The tie-up between Argos and eBay is the dawn of a new kind of retail environment and could spark more partnerships, according to Associate Professor of Marketing & Strategic Management Scott Dacko.
Home Retail Group Plc’s Argos is trialling a partnership with the Californian online giant at 150 of its stores throughout the UK where shoppers will be able to order selected goods from eBay and collect them from at one of the stores.
The trial involves 50 eBay merchants and will run initially for six months and is similar to Amazon’s locker delivery service, where customers can order online and then pick up their product from a passcode-protected locker at local stores.
Dr Dacko feels it is an exciting development and one that continues a trend of convergence between online and high street shopping.
“Whether this exact set-up is going to be the model or not, the integration in online and off-line sales is the future for retail,” says Dr Dacko, who is the author of The Advanced Dictionary of Marketing: Putting Theory to Use published by Oxford University Press.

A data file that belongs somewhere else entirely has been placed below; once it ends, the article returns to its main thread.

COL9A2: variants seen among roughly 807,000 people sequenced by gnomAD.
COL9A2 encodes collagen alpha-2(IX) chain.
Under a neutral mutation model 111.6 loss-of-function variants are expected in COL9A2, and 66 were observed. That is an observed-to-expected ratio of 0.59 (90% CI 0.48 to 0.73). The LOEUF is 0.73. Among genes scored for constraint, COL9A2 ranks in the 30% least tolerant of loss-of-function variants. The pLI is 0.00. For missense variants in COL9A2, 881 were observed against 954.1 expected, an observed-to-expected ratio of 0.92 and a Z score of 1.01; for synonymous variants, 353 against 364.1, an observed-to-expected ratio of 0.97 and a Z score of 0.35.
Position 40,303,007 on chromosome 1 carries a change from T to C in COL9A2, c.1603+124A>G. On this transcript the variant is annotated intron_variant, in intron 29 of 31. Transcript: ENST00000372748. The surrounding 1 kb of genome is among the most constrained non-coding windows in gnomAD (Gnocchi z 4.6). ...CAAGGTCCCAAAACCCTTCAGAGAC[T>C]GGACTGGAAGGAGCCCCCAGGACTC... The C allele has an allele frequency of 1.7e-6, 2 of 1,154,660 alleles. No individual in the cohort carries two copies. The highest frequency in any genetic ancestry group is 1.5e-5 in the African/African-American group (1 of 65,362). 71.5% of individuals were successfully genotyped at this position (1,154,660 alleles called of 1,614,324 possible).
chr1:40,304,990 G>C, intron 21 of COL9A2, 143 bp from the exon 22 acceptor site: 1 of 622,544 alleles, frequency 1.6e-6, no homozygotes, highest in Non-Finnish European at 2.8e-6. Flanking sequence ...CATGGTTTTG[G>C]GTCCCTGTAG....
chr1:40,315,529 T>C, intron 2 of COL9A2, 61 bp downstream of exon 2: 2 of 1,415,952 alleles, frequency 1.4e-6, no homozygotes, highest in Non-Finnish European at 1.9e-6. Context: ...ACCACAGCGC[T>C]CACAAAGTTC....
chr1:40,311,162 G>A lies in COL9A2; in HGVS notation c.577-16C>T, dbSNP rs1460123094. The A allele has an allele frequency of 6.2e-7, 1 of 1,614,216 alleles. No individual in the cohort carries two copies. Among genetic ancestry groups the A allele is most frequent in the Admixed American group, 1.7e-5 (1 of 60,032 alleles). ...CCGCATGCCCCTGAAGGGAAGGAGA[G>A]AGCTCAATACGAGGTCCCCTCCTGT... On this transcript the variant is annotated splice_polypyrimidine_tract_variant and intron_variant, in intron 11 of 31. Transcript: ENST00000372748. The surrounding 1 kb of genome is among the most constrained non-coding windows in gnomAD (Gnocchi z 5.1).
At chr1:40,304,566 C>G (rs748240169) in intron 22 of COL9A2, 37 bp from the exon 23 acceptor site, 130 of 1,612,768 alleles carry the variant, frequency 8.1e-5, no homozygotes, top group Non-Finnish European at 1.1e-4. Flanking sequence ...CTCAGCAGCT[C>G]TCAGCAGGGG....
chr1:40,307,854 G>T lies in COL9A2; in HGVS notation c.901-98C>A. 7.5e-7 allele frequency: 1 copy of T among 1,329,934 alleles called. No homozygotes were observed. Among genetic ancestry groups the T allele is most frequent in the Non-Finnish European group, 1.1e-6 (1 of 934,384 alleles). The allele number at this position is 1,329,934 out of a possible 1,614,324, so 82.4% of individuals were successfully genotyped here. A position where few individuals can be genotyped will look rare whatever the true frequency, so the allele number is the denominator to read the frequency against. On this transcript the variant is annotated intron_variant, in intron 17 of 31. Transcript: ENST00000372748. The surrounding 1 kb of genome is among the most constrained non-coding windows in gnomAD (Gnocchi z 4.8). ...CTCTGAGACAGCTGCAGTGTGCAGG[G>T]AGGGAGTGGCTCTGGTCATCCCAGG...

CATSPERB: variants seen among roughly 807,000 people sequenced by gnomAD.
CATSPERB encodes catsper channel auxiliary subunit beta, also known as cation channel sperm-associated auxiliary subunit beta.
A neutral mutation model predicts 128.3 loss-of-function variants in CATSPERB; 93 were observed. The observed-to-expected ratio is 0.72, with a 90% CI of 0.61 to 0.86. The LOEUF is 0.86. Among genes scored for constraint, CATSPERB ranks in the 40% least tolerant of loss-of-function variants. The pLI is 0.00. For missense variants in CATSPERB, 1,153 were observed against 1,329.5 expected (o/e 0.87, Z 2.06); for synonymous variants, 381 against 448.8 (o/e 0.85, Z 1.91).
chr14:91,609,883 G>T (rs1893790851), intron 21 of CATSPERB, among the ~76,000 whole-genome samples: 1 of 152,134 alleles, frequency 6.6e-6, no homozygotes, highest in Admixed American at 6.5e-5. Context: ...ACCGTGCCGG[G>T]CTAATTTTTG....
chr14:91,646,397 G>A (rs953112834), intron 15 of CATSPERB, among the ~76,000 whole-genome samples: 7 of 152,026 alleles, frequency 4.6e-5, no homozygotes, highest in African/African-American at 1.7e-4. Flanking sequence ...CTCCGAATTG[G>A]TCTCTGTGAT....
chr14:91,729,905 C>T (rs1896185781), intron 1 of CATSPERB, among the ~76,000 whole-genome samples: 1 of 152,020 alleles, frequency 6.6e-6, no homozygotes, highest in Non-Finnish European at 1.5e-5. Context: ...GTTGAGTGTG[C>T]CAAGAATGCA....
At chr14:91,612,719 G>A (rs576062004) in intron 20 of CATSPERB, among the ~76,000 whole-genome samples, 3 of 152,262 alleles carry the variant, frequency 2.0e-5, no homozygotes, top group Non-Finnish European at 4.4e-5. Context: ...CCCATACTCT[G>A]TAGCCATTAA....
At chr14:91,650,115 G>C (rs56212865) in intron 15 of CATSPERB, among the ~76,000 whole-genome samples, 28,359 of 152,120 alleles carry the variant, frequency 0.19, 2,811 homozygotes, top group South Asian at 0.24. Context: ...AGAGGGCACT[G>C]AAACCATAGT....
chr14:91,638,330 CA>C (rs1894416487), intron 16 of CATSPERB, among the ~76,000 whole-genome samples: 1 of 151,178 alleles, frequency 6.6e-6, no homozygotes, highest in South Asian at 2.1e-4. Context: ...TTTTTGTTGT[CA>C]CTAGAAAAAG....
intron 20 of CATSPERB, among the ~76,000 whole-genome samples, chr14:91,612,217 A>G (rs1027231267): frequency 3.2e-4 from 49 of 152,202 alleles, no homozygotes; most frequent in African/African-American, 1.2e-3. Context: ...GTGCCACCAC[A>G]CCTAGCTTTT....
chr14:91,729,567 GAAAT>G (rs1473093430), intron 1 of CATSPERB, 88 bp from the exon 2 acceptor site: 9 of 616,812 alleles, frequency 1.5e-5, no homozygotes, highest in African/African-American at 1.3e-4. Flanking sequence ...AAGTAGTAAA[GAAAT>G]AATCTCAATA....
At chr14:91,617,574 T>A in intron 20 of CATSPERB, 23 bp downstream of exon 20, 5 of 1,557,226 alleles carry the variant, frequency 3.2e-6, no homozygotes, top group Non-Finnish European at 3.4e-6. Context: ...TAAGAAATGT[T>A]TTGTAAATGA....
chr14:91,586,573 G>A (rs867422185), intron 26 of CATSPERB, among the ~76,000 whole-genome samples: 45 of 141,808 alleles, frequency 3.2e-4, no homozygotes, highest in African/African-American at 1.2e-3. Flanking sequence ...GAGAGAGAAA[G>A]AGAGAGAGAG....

“The new eBay-Argos partnership, where certain eBay purchases can be collected from Argos shops in the UK, is clearly being driven by the irreversible trend of increasing consumer demand for convergence in online and store-based retail shopping environments.”
In May, Argos reported its first rise in annual sales in five years as they increased by 2.1% largely thanks to online sales and the popularity of its ‘check and reserve’ service. This came after Home Retail Group launched a three-year £300 million investment plan to revitalise Argos.
Meanwhile, eBay already runs the eBay Now service in New York and San Francisco, allowing shoppers to have goods delivered from ToysRUs, Urban Outfitters, The Home Depot and other local stores within about 60 minutes of completing their order for a fee.
It is still not clear if eBay are paying Argos for the use of its shops in the trial.
Dr Dacko adds: “This partnership is likely to be a win-win-win arrangement, with both partners and UK consumers benefiting all round. I am sure the arrangement will prompt a host of competitors to move more quickly into not only seamlessly integrating their online and brick-and-mortar operations but also looking into similar partnerships as well.
“Argos could well get more people in their stores. Any concerns about cannibalisation in sales would depend on the uniqueness of the offerings and as we don’t know which eBay merchants will be involved, it could be ones who are not in direct competition with Argos. A partnership like this can be a low cost way of attracting more consumers.”